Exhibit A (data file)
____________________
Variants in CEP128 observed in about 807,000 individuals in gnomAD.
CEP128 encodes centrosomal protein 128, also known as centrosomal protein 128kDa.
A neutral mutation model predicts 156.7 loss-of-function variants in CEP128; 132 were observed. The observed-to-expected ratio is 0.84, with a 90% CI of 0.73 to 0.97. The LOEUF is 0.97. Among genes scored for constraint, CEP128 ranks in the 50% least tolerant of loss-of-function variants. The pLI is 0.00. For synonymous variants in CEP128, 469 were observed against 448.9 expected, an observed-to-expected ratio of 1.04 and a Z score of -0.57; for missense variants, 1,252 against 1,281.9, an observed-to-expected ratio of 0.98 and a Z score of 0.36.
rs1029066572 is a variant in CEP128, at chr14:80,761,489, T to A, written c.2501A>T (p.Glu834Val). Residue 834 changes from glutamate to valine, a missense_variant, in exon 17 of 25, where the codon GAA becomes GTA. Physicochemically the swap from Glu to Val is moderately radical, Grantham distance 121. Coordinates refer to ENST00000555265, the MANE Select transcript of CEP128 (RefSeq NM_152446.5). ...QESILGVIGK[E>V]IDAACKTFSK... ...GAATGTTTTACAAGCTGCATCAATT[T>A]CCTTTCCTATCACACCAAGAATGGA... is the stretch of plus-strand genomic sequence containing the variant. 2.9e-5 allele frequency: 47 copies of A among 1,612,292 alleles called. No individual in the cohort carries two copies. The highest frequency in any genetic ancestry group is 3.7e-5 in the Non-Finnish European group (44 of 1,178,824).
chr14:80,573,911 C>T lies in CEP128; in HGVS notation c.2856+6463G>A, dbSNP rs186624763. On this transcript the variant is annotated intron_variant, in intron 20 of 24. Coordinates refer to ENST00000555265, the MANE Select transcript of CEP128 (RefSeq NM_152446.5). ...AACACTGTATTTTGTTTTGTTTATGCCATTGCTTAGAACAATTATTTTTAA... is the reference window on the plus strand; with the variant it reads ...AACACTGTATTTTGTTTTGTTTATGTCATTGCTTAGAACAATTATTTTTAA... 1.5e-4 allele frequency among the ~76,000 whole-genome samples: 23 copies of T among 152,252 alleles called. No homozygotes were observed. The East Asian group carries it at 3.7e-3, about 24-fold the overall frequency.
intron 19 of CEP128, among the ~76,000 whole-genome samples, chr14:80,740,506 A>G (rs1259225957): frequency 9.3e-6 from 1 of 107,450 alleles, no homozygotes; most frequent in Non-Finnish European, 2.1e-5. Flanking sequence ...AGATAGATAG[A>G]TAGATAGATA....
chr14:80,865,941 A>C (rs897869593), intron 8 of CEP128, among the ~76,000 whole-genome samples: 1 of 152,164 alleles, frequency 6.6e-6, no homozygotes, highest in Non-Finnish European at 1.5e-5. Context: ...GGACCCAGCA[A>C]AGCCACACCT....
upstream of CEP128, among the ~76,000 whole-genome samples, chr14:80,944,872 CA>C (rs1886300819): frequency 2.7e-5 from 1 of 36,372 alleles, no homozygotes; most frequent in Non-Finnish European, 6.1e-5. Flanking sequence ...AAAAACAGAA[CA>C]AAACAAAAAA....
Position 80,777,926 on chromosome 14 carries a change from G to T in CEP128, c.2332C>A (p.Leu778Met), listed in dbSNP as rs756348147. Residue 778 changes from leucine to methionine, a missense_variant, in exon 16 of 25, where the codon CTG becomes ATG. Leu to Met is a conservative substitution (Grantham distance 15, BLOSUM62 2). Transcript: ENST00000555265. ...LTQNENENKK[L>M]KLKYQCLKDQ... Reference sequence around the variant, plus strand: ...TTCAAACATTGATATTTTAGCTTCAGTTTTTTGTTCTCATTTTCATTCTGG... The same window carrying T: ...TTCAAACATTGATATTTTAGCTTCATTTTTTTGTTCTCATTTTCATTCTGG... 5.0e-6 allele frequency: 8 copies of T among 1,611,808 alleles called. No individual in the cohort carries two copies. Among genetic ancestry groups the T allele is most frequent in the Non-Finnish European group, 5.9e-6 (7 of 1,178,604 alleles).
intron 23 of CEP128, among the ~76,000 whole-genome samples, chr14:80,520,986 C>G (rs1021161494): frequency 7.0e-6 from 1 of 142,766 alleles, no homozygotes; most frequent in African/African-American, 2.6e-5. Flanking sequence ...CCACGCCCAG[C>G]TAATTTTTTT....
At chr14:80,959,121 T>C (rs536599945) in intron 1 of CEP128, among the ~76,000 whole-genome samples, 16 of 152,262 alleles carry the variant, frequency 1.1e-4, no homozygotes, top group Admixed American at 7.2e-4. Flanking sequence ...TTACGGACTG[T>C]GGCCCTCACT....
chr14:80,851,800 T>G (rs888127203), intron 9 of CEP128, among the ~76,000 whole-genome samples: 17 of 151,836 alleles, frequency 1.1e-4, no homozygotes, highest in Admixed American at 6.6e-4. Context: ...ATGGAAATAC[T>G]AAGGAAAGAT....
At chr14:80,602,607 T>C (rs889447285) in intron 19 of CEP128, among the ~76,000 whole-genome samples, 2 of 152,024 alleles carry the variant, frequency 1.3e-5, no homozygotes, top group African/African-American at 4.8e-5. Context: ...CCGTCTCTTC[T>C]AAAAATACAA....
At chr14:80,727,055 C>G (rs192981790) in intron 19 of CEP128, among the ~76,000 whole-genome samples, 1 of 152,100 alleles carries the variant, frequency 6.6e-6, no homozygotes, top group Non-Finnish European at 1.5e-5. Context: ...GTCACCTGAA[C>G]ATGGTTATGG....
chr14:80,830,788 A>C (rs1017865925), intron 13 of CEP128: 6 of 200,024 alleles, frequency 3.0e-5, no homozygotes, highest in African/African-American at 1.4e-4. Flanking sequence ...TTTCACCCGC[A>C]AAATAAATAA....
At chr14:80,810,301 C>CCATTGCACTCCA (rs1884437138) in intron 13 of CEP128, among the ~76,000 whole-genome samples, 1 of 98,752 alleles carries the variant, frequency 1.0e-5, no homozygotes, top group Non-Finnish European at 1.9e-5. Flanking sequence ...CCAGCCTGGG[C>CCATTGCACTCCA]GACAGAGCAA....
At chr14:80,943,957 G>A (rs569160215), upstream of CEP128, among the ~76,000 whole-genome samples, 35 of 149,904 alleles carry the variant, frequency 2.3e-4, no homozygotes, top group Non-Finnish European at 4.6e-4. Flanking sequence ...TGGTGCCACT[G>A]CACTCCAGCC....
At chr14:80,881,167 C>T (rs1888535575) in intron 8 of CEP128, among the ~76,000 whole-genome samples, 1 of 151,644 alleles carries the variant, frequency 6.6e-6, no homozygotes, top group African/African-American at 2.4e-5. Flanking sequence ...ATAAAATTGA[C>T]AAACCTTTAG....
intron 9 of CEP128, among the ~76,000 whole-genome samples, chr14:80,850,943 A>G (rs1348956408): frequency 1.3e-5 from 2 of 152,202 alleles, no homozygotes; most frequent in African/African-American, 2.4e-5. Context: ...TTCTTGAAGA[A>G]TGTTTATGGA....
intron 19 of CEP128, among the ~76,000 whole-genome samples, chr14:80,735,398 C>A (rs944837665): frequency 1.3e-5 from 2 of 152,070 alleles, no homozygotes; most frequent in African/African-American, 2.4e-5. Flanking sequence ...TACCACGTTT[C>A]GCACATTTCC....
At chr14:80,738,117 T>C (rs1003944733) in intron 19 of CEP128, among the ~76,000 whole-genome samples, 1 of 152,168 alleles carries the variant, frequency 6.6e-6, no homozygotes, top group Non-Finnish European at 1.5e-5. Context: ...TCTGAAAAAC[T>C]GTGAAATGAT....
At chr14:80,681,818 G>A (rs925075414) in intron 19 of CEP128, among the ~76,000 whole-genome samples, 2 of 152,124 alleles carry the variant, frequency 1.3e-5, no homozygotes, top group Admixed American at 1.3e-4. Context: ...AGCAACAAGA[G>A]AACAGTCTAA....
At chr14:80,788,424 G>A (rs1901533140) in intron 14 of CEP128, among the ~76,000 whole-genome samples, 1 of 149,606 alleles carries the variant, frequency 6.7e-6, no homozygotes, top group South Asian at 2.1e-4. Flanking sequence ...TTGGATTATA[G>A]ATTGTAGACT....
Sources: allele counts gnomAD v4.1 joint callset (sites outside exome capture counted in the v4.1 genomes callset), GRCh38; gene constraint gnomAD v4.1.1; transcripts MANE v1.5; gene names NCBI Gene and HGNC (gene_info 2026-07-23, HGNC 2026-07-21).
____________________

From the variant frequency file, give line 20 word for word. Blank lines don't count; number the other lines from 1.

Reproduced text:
intron 19 of CEP128, among the ~76,000 whole-genome samples, chr14:80,735,398 C>A (rs944837665): frequency 1.3e-5 from 2 of 152,070 alleles, no homozygotes; most frequent in African/African-American, 2.4e-5. Flanking sequence ...TACCACGTTT[C>A]GCACATTTCC....